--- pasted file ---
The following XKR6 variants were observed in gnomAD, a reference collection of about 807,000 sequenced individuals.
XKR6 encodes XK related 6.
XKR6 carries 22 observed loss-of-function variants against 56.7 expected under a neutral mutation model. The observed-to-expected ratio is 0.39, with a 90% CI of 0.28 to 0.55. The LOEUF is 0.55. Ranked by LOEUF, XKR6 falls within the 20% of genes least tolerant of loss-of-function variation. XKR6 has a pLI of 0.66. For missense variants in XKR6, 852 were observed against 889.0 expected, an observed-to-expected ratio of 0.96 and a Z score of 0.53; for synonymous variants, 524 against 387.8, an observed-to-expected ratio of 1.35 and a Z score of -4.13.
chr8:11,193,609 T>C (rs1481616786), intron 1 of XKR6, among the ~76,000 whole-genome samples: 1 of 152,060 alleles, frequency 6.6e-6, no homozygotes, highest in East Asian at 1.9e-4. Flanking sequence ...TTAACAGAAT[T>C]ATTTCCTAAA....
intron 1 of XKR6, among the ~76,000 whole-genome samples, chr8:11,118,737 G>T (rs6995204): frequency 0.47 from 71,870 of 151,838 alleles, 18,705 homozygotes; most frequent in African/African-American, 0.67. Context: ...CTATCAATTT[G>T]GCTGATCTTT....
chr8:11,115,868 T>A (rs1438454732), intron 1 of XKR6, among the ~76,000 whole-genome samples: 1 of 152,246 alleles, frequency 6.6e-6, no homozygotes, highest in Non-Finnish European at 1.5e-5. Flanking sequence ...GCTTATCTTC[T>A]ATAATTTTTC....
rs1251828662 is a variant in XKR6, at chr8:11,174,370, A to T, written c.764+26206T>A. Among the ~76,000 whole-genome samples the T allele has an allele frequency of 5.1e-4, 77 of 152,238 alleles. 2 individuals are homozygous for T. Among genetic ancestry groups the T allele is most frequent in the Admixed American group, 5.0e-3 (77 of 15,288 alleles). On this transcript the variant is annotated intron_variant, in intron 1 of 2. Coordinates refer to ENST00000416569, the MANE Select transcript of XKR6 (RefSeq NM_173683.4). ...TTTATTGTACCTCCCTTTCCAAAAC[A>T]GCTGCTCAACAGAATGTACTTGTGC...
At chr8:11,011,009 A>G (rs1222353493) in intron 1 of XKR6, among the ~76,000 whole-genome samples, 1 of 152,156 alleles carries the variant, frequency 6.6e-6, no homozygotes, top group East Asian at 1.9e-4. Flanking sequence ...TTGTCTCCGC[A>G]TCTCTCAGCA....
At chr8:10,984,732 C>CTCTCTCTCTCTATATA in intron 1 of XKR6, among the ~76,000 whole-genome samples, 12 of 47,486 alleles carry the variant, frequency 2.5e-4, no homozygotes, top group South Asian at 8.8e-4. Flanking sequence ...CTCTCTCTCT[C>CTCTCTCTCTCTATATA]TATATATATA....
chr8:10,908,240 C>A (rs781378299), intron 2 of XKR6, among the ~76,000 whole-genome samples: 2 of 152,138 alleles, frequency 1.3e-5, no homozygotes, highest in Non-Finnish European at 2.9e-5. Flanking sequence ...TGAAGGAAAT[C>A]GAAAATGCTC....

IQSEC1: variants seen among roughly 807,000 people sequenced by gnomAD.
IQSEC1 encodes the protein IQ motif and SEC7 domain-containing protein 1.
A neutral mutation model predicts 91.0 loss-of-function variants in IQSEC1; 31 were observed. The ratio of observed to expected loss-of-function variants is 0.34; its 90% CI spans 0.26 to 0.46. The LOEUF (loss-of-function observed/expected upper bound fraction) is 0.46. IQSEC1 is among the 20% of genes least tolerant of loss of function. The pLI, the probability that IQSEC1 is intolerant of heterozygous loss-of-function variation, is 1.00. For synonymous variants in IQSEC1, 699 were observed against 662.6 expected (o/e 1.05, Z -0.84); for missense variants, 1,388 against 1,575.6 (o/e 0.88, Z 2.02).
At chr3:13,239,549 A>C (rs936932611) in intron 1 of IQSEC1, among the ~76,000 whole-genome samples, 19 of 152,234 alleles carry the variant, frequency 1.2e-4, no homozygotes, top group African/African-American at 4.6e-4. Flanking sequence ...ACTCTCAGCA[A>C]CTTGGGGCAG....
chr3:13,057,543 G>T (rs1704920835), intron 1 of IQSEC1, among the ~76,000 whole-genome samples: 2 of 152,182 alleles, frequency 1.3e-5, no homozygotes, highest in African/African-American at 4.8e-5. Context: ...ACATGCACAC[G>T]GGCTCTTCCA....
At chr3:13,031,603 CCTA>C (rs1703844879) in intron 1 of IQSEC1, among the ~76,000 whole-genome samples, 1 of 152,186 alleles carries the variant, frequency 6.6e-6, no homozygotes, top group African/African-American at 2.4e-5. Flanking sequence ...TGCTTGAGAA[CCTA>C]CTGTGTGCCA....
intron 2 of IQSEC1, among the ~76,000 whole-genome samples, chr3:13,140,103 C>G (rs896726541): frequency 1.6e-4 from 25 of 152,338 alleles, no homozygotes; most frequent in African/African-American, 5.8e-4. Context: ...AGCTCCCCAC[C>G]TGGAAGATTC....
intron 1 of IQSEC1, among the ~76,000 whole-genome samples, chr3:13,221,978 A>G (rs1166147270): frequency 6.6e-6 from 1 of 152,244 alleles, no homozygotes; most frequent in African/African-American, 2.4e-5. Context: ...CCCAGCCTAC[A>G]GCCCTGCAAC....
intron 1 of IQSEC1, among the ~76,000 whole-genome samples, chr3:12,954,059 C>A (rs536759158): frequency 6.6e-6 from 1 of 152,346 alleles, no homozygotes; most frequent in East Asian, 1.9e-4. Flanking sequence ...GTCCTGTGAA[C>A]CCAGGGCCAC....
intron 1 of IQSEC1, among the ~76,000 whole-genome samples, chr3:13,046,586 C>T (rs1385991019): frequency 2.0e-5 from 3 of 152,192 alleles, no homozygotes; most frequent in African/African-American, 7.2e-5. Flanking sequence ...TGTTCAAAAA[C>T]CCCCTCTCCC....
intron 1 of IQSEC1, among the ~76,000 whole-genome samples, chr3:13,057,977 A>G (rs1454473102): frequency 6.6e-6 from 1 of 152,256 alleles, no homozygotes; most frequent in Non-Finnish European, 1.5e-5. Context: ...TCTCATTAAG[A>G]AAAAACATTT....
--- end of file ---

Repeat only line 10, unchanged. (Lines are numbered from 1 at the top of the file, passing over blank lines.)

chr8:10,908,240 C>A (rs781378299), intron 2 of XKR6, among the ~76,000 whole-genome samples: 2 of 152,138 alleles, frequency 1.3e-5, no homozygotes, highest in Non-Finnish European at 2.9e-5. Flanking sequence ...TGAAGGAAAT[C>A]GAAAATGCTC....